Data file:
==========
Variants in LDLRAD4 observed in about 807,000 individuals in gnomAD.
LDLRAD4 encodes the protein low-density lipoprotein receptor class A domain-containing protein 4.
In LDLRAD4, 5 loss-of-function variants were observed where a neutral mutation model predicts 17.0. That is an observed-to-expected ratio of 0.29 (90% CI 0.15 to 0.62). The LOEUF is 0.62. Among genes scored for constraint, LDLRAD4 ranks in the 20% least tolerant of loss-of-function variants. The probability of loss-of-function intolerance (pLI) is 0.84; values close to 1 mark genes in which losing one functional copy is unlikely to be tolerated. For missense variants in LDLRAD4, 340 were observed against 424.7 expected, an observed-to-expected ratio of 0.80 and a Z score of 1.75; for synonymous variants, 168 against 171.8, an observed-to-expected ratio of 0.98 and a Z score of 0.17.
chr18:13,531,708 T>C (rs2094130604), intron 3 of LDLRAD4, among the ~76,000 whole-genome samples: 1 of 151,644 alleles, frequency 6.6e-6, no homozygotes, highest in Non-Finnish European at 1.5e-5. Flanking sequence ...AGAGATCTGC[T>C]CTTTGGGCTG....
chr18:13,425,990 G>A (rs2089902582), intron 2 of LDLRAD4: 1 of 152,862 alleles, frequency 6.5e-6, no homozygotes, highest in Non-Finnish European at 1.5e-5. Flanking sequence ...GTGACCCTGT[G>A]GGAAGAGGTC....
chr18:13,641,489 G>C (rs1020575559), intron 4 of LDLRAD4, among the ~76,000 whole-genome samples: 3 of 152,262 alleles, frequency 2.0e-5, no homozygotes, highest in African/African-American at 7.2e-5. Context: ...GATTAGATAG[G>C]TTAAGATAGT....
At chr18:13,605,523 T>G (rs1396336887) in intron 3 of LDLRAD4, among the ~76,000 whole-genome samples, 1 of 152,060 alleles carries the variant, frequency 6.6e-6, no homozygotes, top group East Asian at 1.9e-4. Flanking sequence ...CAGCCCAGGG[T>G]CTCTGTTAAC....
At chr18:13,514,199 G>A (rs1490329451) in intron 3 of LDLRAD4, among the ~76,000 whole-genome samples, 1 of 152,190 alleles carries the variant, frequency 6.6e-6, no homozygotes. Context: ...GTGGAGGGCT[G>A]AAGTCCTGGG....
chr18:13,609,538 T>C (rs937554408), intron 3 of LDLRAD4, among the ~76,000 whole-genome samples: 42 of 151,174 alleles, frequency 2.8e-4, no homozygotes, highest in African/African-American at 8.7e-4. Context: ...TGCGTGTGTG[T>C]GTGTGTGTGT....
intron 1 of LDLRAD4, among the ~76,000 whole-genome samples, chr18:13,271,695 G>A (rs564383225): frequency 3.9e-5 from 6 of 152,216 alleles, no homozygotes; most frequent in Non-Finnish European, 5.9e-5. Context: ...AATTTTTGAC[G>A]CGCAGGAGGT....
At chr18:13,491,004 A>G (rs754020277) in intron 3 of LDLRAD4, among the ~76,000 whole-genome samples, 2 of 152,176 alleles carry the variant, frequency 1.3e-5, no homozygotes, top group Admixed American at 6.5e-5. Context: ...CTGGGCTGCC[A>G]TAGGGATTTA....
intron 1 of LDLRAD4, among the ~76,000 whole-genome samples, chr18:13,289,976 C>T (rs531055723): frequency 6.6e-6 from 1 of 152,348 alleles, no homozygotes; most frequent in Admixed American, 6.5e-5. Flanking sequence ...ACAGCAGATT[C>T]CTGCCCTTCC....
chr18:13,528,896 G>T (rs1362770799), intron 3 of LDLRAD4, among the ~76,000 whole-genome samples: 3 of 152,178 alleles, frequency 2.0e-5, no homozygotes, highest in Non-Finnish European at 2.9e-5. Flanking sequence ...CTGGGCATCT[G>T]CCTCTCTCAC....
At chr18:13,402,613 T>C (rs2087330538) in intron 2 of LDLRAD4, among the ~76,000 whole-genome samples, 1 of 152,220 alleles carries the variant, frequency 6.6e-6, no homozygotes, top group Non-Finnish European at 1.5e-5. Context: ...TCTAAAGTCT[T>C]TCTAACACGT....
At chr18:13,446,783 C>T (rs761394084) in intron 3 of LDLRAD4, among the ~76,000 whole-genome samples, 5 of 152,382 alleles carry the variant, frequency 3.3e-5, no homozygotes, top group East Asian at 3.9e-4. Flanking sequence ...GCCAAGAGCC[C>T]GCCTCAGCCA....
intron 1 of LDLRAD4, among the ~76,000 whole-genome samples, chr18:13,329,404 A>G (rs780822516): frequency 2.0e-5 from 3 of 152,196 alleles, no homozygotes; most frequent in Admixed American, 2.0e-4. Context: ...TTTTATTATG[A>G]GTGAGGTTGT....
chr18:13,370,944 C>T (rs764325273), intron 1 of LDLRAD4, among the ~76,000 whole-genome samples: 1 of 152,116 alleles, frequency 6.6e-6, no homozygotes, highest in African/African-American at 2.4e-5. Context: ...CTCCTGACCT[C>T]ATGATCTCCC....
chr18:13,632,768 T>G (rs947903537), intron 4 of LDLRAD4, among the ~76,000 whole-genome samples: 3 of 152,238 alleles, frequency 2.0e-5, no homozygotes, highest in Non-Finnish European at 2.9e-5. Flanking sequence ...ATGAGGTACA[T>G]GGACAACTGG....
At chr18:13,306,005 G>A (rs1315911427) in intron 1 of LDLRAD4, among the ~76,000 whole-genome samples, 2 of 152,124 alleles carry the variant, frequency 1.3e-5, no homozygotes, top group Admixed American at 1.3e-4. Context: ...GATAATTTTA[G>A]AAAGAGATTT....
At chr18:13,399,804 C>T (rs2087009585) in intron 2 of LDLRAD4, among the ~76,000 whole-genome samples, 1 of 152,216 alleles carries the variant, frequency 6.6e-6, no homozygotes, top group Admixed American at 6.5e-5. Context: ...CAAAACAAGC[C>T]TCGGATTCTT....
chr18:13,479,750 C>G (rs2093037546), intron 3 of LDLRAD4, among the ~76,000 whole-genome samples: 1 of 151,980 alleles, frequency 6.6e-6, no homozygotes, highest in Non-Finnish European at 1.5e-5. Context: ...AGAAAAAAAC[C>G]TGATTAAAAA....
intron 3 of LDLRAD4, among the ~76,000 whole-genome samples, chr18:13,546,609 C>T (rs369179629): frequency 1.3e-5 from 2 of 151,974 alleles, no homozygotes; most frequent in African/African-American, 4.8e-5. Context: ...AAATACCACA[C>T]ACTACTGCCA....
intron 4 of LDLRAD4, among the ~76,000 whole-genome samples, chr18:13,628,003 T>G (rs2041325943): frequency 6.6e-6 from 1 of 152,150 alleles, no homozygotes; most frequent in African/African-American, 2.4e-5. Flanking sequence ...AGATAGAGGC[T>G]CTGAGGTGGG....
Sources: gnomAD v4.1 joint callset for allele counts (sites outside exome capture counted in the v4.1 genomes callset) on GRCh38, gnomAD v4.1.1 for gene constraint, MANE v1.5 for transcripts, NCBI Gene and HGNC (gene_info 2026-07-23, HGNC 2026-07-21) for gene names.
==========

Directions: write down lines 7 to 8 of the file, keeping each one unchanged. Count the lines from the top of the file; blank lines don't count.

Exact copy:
At chr18:13,605,523 T>G (rs1396336887) in intron 3 of LDLRAD4, among the ~76,000 whole-genome samples, 1 of 152,060 alleles carries the variant, frequency 6.6e-6, no homozygotes, top group East Asian at 1.9e-4. Flanking sequence ...CAGCCCAGGG[T>G]CTCTGTTAAC....
At chr18:13,514,199 G>A (rs1490329451) in intron 3 of LDLRAD4, among the ~76,000 whole-genome samples, 1 of 152,190 alleles carries the variant, frequency 6.6e-6, no homozygotes. Context: ...GTGGAGGGCT[G>A]AAGTCCTGGG....